Sanofi-Aventis layoffs cut total US sales forces to 5,700
Emmy Tsui, a Sanofi spokesperson, said key therapeutic areas for the company include “diabetes, oncology, atrial fibrillation, and other platforms for sustainable growth.” Tsui added that Sanofi will “continue to evaluate the resources we have dedicated to our US operations,” but would not comment directly on plans for future changes to US sales forces.In a letter to Sanofi employees published on BNET, Jerry Durso, Sanofi VP and head of US specialized therapeutics, said the cuts were related to a “reduced presence in the CNS market,” which includes Ambien CR and Aplenzin, an outsourcing of reps on bone drug Actonel, and a reduced sales force behind Nasacort AQ. Sales of Nasacort AQ were $239 million in 2009, around $50 million higher than Sanofi's next generation allergy drug Xyzal, according to SDI figures. Nasacort AQ, however, is expected to face generic competition as early as summer of 2011.
Marketing rights for Actonel, a treatment for osteoporosis, were handed off to Warner Chilcott, Sanofi's collaborator on the drug. As part of the deal, Warner Chilcott will offer an undisclosed number of jobs to Sanofi reps previously working on the brand. Actonel sales declined to $264 million in 2009, despite a 39% price hike between 2006 and 2010, an increase Sen. Bill Nelson (D-FL) called “egregious” during a Senate committee meeting in March.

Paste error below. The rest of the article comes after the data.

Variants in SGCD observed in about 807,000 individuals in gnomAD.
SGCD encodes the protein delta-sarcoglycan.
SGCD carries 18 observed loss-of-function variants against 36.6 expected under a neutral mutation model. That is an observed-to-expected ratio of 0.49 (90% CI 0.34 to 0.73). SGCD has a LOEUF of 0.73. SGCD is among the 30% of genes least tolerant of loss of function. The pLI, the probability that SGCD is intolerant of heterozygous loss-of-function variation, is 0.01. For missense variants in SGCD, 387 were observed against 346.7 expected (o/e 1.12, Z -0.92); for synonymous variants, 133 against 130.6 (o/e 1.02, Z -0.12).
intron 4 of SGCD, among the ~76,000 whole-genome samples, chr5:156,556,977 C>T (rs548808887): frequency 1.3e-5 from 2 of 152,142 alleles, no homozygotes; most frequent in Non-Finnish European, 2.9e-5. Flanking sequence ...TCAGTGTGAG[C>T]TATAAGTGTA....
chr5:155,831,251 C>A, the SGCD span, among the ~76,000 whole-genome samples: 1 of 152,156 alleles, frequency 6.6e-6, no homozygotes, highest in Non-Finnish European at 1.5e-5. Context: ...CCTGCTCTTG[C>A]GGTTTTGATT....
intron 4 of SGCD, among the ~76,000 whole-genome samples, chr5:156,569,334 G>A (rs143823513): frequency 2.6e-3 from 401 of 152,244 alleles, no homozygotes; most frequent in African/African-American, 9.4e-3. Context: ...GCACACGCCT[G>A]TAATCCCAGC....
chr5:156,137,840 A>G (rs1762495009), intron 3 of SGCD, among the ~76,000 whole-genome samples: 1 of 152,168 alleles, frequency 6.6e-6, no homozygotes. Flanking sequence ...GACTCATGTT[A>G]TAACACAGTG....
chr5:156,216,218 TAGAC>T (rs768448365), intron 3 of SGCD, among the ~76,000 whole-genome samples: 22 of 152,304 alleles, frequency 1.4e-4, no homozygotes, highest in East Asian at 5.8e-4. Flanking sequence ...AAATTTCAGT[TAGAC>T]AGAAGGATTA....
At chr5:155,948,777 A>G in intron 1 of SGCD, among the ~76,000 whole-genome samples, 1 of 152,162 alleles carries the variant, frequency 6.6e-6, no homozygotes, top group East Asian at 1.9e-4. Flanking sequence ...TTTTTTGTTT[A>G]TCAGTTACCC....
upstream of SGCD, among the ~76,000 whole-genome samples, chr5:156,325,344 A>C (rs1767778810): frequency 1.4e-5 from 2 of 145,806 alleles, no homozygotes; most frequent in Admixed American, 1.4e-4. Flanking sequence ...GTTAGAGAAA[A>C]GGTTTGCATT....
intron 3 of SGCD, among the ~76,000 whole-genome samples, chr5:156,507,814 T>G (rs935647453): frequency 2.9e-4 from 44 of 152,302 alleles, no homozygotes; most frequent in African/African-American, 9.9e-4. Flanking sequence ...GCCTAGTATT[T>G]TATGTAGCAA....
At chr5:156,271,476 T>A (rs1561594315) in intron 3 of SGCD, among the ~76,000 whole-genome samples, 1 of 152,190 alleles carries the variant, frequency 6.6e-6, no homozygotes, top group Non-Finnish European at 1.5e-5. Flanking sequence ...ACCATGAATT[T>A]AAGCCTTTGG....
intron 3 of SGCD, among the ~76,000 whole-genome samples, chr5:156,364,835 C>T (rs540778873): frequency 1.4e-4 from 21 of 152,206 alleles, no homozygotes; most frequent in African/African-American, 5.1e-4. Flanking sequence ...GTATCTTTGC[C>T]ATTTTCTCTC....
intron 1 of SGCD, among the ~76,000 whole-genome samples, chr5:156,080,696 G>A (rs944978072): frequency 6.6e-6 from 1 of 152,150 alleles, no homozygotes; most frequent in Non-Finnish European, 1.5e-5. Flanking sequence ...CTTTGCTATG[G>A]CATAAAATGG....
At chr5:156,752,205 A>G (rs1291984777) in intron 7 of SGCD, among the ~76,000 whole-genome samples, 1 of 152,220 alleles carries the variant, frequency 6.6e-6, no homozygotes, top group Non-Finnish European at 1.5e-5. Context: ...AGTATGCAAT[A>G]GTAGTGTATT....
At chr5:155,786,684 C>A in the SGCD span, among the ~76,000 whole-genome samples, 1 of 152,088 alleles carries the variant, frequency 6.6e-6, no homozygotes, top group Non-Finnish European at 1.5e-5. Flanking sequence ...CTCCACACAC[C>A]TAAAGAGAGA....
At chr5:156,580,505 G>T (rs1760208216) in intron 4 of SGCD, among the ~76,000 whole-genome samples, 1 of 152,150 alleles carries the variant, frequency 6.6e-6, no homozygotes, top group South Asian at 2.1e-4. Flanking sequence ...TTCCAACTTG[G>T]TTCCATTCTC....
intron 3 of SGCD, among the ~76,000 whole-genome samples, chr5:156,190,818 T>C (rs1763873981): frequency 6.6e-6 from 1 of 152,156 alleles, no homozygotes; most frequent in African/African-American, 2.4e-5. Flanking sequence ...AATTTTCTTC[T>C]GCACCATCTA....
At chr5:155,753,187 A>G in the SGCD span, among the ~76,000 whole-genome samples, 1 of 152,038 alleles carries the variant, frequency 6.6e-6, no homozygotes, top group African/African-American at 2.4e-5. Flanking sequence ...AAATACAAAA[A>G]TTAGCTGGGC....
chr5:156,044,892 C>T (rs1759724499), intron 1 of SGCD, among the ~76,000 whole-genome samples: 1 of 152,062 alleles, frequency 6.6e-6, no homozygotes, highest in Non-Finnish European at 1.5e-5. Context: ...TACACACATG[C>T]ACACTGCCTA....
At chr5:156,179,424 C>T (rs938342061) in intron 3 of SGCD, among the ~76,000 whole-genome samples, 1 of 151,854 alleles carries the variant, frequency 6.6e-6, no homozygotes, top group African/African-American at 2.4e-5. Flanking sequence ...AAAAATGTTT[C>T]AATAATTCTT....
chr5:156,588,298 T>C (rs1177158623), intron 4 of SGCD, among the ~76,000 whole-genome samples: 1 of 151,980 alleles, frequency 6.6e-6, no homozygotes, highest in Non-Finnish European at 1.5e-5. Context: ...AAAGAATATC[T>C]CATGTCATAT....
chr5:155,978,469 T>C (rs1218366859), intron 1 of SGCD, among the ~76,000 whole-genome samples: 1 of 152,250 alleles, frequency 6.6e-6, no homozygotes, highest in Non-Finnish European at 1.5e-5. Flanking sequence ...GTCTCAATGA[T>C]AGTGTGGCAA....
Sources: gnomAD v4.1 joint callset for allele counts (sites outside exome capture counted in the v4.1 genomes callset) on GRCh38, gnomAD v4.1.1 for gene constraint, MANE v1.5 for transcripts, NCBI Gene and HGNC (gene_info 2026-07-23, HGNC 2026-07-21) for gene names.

In keeping with the decision to focus on diabetes as one key area for growth, Sanofi announced that it had acquired exclusive worldwide licensing rights for Pancreate, a diabetes type 1 and 2 treatment developed by CureDM, a Delaware-based biopharma. Pancreate (proisletide acetate) is thought to stimulate the production of insulin-producing islets in the pancreas, and is expected to enter stage 1 clinical trials later this year. The deal includes a potential $335 million in milestone payments to CureDM, should the drug successfully enter the market, according to a company statement.